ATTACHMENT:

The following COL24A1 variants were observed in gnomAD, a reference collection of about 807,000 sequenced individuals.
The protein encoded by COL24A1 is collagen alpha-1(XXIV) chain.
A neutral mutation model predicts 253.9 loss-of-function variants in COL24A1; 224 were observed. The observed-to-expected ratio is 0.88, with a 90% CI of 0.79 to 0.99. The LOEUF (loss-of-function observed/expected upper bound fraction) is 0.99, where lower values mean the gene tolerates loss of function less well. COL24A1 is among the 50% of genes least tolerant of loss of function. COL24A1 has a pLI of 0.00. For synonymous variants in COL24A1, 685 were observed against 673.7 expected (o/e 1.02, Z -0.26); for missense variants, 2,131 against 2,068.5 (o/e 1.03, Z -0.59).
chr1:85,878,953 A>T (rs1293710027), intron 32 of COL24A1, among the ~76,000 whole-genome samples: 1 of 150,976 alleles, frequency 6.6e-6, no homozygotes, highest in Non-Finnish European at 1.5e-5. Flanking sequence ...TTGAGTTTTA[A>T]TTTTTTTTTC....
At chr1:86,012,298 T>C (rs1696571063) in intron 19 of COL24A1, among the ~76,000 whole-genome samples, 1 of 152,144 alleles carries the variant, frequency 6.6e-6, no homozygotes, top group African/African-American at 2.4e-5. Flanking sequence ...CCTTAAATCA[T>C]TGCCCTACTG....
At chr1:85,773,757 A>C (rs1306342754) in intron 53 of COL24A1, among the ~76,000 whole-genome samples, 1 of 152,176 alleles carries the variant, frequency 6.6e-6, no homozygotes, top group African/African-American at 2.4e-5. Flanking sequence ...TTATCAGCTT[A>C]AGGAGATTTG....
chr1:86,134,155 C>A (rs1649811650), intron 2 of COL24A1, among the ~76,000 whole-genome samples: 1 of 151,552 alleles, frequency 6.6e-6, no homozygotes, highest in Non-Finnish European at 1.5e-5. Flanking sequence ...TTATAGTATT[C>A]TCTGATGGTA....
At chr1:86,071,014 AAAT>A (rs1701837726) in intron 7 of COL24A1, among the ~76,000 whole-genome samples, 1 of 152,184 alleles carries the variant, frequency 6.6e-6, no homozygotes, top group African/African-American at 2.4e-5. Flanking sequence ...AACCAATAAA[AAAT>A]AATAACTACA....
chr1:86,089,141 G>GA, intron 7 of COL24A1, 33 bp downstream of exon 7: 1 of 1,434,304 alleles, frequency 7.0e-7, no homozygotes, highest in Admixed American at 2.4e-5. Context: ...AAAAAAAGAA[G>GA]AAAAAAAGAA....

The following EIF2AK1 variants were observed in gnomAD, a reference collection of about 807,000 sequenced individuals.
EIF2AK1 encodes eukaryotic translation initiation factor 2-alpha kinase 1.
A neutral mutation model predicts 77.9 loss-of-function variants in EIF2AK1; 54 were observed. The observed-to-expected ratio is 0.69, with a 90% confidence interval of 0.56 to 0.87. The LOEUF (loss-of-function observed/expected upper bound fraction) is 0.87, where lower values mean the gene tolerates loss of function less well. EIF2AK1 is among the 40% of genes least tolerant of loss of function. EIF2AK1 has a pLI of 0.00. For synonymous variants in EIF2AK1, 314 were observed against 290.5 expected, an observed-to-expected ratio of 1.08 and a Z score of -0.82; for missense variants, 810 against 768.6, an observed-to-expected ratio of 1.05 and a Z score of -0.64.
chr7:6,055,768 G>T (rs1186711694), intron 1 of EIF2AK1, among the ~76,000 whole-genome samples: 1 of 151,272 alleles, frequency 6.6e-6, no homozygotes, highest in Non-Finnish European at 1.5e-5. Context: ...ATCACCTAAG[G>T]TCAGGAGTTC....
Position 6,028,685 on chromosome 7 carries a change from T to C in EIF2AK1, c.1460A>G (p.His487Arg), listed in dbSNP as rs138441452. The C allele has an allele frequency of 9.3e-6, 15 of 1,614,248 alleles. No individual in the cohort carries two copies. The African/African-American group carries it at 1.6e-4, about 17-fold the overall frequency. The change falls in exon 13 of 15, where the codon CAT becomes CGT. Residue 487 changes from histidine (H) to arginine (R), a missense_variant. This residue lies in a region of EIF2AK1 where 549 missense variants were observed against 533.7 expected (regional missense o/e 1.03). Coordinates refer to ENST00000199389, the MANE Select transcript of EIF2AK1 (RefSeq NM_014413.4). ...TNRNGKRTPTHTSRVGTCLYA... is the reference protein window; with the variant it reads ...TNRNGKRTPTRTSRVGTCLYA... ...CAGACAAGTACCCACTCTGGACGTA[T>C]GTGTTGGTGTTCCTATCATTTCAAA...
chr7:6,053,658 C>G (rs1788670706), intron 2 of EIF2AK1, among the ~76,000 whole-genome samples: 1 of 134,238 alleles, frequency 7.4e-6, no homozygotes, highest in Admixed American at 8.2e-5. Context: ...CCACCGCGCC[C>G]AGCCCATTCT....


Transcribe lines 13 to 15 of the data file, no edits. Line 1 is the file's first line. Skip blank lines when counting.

chr7:6,055,768 G>T (rs1186711694), intron 1 of EIF2AK1, among the ~76,000 whole-genome samples: 1 of 151,272 alleles, frequency 6.6e-6, no homozygotes, highest in Non-Finnish European at 1.5e-5. Context: ...ATCACCTAAG[G>T]TCAGGAGTTC....
Position 6,028,685 on chromosome 7 carries a change from T to C in EIF2AK1, c.1460A>G (p.His487Arg), listed in dbSNP as rs138441452. The C allele has an allele frequency of 9.3e-6, 15 of 1,614,248 alleles. No individual in the cohort carries two copies. The African/African-American group carries it at 1.6e-4, about 17-fold the overall frequency. The change falls in exon 13 of 15, where the codon CAT becomes CGT. Residue 487 changes from histidine (H) to arginine (R), a missense_variant. This residue lies in a region of EIF2AK1 where 549 missense variants were observed against 533.7 expected (regional missense o/e 1.03). Coordinates refer to ENST00000199389, the MANE Select transcript of EIF2AK1 (RefSeq NM_014413.4). ...TNRNGKRTPTHTSRVGTCLYA... is the reference protein window; with the variant it reads ...TNRNGKRTPTRTSRVGTCLYA... ...CAGACAAGTACCCACTCTGGACGTA[T>C]GTGTTGGTGTTCCTATCATTTCAAA...
chr7:6,053,658 C>G (rs1788670706), intron 2 of EIF2AK1, among the ~76,000 whole-genome samples: 1 of 134,238 alleles, frequency 7.4e-6, no homozygotes, highest in Admixed American at 8.2e-5. Context: ...CCACCGCGCC[C>G]AGCCCATTCT....